For all the success of the Nintendo Switch--which sold faster than any other console in the company's history--fans have complained at being unable to save their credit-card information to the device, a capability that’s long been possible on other Nintendo consoles. Now anyone shopping on the console’s eShop will have a “Save” checkbox that allows their credit-card information to be saved for future purchases.
Is such storage a smart move? On the tech side of things, Nintendo has implemented the feature in a way that mitigates the possibility of data breaches. That said, interception of your credit-card information is always a possibility. And you may want to consider the effect easy ordering could have on impulse buying--which can be a problem for some gamers.
Credit Card Details Are Stored Locally
Nintendo has clearly learned a lesson from past data breaches that exposed the personal information of millions of gamers. The most infamous was the 2011 PlayStation Network (PSN) hack that exposed names, addresses and other data for about 77 million users. Though personal information was stolen, there were no verifiable reports of credit card fraud due to extra security measures enacted by Sony.
On the Switch, Nintendo has chosen to store credit card data on the device itself, and in an encrypted form. That all but eliminates the risk it will be exposed due to a server breach. Also, users have the ability to protect the details with a password. That mitigates the chances that a child or roommate charges purchases without your knowledge or permission.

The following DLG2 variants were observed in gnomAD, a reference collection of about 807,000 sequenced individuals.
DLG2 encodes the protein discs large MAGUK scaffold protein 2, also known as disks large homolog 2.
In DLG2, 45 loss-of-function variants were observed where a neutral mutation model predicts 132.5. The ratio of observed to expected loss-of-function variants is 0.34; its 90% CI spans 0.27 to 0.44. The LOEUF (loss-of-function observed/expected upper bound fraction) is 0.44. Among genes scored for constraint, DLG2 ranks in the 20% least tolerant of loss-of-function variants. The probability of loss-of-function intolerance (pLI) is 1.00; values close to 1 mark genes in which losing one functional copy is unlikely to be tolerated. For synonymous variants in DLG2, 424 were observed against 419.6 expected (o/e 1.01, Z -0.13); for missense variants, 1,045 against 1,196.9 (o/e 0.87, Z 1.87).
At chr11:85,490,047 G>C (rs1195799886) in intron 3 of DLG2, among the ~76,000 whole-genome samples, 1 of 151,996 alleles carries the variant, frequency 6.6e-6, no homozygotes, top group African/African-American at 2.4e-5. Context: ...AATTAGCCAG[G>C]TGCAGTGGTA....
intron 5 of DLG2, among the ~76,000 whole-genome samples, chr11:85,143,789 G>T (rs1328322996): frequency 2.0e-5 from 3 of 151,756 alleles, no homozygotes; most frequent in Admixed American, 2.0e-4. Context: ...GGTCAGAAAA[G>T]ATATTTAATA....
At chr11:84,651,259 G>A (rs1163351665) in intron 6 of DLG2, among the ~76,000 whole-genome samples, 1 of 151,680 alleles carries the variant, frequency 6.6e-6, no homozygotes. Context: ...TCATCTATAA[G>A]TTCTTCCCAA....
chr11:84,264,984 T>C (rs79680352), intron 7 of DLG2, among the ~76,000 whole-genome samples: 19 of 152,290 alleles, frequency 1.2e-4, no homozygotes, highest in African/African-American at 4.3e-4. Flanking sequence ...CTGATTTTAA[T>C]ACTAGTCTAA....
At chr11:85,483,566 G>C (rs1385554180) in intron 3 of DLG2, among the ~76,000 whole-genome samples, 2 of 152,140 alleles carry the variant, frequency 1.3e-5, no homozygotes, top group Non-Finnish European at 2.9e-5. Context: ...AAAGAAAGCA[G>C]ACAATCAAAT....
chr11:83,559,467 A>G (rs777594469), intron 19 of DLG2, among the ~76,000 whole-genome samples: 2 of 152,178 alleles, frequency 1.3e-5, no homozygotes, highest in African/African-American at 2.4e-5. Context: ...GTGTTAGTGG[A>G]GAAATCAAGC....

However, those measures do not guarantee that your payment information might not be stolen. Hackers can still intercept your payment information when you send it from your console to Nintendo. Note that this is a risk you take on when making any online purchase, and it’s not exclusive to the Switch. If you do store your details on the device, be sure to look over your credit card statements each month with an eye to any suspicious or unauthorized activity--which is a good idea, anyway, regardless of whether you own a Switch.
Ease of Buying Can Promote Impulse Buying
One other point worth noting is that saving your credit card information to the Nintendo Switch eShop, or any shop for that matter, promotes impulse buying. By reducing the barriers to a purchase, you are psychologically more likely to hit “buy”, even if you aren’t fully committed to it.
You may well decide the convenience of quick purchases trumps the risk of impulse buys you might later regret. But if you lack self-control over your game buying, having to re-enter your credit card number with each purchase can introduce a delay in which you can consider whether you really need that new game, and can afford the $15 to $60 that it will likely cost. Impulse buys can be a quick way to burry yourself in massive amounts of debt.